By Amy Stanton
My 2015 season turned out differently than I had hoped and expected. It was the first season I was on Team Podium and I was so excited to represent my team and to be a force in my age group. My plan was to keep getting faster and stronger, but my body couldn’t keep up. Half way through the season, I ended up in a boot due to a stress fracture in my left foot. A common injury, yes, but a heartbreaking just the same.
The dreaded boot.But for once a runner’s feet don’t look like a runner’s!
Swimming and riding the spin bike were my saving grace during my stent in the boot. I was cleared by the doctor to do both, but to be mindful of pain or discomfort. So, like any triathlete, I pushed the limit on both of those disciplines: I rode until I noticed my foot and swam until my healthy foot got tired of doing
all the work.
Amy still joined participated in a Team race while in her boot even though she was only able to swim. Determination and grit.
The boot came off and hesitantly my feet hit the pavement. Injuries have a way of being a mental roadblock sometimes more than a physical one for me. I’d stop at the slightest twinge of pain. I would not push hard for the first few weeks because I was scared.
After 6 weeks in a walking boot, and zero running, I decided to sign up for a sprint at the end of the season, even with my hesitancy. Getting out of the boot and race day were approximately 5 weeks apart: plenty of time to get in race mode. The weeks went by, and the race was rapidly approaching. I was fearful I would be disappointed in my performance. My run was not coming together as I had hoped.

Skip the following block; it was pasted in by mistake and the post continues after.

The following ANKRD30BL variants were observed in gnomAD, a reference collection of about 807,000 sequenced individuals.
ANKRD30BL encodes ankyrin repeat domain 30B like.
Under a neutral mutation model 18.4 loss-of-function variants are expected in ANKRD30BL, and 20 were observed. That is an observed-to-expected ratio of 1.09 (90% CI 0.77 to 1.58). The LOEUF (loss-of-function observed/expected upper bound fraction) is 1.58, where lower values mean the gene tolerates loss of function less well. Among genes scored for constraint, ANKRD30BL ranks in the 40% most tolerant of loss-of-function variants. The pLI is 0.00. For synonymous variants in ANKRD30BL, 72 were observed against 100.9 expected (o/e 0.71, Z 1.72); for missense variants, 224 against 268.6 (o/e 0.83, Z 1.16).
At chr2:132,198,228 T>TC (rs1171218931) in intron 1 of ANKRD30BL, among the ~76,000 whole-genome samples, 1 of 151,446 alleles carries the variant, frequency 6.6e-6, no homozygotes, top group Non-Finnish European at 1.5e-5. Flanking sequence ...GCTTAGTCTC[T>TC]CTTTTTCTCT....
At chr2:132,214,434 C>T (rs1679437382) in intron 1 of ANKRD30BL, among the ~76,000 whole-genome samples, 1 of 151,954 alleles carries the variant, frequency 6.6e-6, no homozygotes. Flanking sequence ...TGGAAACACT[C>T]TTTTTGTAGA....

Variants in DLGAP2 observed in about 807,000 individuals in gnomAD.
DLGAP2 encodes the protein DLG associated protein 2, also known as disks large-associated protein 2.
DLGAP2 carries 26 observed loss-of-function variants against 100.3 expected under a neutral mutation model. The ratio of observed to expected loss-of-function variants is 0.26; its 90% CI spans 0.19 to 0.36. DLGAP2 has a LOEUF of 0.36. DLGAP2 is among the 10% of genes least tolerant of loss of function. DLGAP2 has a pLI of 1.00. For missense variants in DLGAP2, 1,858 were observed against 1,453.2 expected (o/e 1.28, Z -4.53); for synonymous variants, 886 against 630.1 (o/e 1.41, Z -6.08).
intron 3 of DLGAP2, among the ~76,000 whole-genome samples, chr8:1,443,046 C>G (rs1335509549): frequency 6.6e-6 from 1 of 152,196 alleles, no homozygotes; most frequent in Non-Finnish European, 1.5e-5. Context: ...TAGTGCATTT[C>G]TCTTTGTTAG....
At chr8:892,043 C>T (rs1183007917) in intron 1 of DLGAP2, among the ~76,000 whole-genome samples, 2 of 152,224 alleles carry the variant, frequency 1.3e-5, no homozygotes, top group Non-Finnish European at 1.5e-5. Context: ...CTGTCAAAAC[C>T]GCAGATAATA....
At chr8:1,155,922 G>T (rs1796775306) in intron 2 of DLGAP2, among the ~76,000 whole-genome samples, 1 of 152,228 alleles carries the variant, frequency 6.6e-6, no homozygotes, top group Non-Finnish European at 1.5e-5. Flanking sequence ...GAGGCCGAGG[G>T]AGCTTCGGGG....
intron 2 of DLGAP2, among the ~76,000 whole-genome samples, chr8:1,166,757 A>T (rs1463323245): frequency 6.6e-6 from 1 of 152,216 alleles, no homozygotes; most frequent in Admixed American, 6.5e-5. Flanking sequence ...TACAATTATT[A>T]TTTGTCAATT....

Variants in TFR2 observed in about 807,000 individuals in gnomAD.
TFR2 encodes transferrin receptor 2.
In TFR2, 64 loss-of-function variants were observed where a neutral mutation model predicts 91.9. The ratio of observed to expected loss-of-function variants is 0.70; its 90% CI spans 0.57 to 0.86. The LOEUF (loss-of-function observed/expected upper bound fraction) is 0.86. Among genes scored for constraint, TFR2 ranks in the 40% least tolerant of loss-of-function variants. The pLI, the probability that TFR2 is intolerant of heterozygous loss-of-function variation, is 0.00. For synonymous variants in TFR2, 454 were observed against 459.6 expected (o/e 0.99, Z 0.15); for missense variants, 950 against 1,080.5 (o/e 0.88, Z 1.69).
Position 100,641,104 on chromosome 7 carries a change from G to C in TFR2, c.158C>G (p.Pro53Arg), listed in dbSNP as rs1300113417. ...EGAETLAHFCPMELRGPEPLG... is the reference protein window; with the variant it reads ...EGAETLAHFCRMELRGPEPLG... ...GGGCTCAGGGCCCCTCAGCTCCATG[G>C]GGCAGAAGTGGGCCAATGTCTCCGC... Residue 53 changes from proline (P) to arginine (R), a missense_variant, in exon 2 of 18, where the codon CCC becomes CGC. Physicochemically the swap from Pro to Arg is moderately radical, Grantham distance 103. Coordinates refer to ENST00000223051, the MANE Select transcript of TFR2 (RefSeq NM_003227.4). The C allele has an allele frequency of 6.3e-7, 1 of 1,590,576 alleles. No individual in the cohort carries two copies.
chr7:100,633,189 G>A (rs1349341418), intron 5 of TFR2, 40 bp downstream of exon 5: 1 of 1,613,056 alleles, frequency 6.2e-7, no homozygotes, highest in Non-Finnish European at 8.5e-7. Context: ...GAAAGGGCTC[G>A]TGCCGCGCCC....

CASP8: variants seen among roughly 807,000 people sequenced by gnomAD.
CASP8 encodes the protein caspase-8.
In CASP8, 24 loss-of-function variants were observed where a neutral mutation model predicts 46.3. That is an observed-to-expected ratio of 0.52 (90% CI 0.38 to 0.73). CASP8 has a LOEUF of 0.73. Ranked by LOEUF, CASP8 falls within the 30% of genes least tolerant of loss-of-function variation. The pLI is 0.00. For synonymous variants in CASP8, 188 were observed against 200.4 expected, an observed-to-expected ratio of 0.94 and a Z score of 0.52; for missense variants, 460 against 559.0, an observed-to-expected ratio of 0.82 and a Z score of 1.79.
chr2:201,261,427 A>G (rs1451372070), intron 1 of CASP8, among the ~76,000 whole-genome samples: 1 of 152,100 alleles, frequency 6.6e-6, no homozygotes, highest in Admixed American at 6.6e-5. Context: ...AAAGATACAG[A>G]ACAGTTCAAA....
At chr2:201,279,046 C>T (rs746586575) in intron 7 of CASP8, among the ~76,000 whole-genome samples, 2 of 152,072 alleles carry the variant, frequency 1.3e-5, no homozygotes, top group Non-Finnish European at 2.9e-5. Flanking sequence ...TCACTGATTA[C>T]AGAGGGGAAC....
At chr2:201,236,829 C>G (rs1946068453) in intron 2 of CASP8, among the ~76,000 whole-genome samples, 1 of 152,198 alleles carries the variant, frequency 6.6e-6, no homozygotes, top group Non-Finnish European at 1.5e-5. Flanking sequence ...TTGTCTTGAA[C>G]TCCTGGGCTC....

Race day was finally here. It was wet and overcast. The swim was 400 meters. I like to stay somewhere in the middle before the start and then swim my way to the front (or as a friend who has watched me race says, ‘You look like a jack rabbit, you hop, push, fight your way through and over people.’ Whoops). The swim went well, I felt strong. My foot felt great on the beach and on the .25 mile run to transition.
The road was wet, which is never a confidence booster for me because I do 99% of my training on a spin bike in my garage. So, wet, really fast downhills are a scary combination for me. I managed to keep a good pace on the bike. My average was 20.4 mph, which not too bad for spin bike training. I felt strong
physically and was being pushed by a fellow age grouper. Chasing and being chased is always motivating! I got to T2 and then the real race started for me.How was my run going to hold up?!
I put my fancy Hoka running shoes on and off I went. I looked at my watch within the first half mile and my pace was 6:45, and I was feeling good. My legs were getting in stride and my healed foot was keeping up beautifully. The uphills, downhills, turns, the pavement, all of it my foot was fine! I was thrilled and
even picked up my pace. It was a huge relief and I was back and able to do what I love: race and race hard!
I ended up running 20:36 for the 5k and was 2nd overall female. I was so thankful to race again and to place
2nd overall made my first race back even better than I could have imagined.
First race back and grateful to race….and race hard.
Injuries are heartbreaking and game changers, but they don’t have to keep you down and out for too long. I came back stronger than ever and for that I’m so grateful.